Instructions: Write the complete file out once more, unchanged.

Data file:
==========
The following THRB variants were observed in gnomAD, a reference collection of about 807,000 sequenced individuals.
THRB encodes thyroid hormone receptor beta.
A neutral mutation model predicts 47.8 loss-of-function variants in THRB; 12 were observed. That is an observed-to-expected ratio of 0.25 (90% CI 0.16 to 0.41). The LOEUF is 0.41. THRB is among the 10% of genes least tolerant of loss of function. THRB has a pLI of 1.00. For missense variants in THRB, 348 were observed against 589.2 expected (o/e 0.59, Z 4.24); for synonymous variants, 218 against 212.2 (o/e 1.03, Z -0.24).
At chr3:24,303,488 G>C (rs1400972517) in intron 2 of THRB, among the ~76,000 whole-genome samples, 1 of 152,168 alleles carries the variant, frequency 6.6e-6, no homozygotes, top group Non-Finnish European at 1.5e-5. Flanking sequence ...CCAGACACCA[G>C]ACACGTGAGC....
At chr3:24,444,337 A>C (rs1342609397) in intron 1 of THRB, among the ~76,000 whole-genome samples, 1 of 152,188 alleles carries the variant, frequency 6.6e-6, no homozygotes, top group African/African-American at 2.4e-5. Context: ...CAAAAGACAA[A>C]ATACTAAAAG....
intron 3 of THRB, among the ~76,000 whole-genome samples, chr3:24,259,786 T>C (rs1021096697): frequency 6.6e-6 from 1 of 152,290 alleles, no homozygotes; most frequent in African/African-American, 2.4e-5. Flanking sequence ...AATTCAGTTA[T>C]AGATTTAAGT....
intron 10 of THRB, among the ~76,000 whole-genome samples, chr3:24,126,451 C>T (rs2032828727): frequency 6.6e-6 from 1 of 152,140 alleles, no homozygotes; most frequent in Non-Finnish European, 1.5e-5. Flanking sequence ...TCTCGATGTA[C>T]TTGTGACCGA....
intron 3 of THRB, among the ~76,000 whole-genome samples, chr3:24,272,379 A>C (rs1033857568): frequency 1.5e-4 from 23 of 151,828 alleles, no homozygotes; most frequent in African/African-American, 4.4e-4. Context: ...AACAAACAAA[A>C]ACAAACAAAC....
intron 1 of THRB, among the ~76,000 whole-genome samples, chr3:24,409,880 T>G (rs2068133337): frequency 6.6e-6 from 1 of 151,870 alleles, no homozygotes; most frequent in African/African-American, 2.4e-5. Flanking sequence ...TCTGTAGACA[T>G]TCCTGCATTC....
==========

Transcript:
The following THRB variants were observed in gnomAD, a reference collection of about 807,000 sequenced individuals.
THRB encodes thyroid hormone receptor beta.
A neutral mutation model predicts 47.8 loss-of-function variants in THRB; 12 were observed. That is an observed-to-expected ratio of 0.25 (90% CI 0.16 to 0.41). The LOEUF is 0.41. THRB is among the 10% of genes least tolerant of loss of function. THRB has a pLI of 1.00. For missense variants in THRB, 348 were observed against 589.2 expected (o/e 0.59, Z 4.24); for synonymous variants, 218 against 212.2 (o/e 1.03, Z -0.24).
At chr3:24,303,488 G>C (rs1400972517) in intron 2 of THRB, among the ~76,000 whole-genome samples, 1 of 152,168 alleles carries the variant, frequency 6.6e-6, no homozygotes, top group Non-Finnish European at 1.5e-5. Flanking sequence ...CCAGACACCA[G>C]ACACGTGAGC....
At chr3:24,444,337 A>C (rs1342609397) in intron 1 of THRB, among the ~76,000 whole-genome samples, 1 of 152,188 alleles carries the variant, frequency 6.6e-6, no homozygotes, top group African/African-American at 2.4e-5. Context: ...CAAAAGACAA[A>C]ATACTAAAAG....
intron 3 of THRB, among the ~76,000 whole-genome samples, chr3:24,259,786 T>C (rs1021096697): frequency 6.6e-6 from 1 of 152,290 alleles, no homozygotes; most frequent in African/African-American, 2.4e-5. Flanking sequence ...AATTCAGTTA[T>C]AGATTTAAGT....
intron 10 of THRB, among the ~76,000 whole-genome samples, chr3:24,126,451 C>T (rs2032828727): frequency 6.6e-6 from 1 of 152,140 alleles, no homozygotes; most frequent in Non-Finnish European, 1.5e-5. Flanking sequence ...TCTCGATGTA[C>T]TTGTGACCGA....
intron 3 of THRB, among the ~76,000 whole-genome samples, chr3:24,272,379 A>C (rs1033857568): frequency 1.5e-4 from 23 of 151,828 alleles, no homozygotes; most frequent in African/African-American, 4.4e-4. Context: ...AACAAACAAA[A>C]ACAAACAAAC....
intron 1 of THRB, among the ~76,000 whole-genome samples, chr3:24,409,880 T>G (rs2068133337): frequency 6.6e-6 from 1 of 151,870 alleles, no homozygotes; most frequent in African/African-American, 2.4e-5. Flanking sequence ...TCTGTAGACA[T>G]TCCTGCATTC....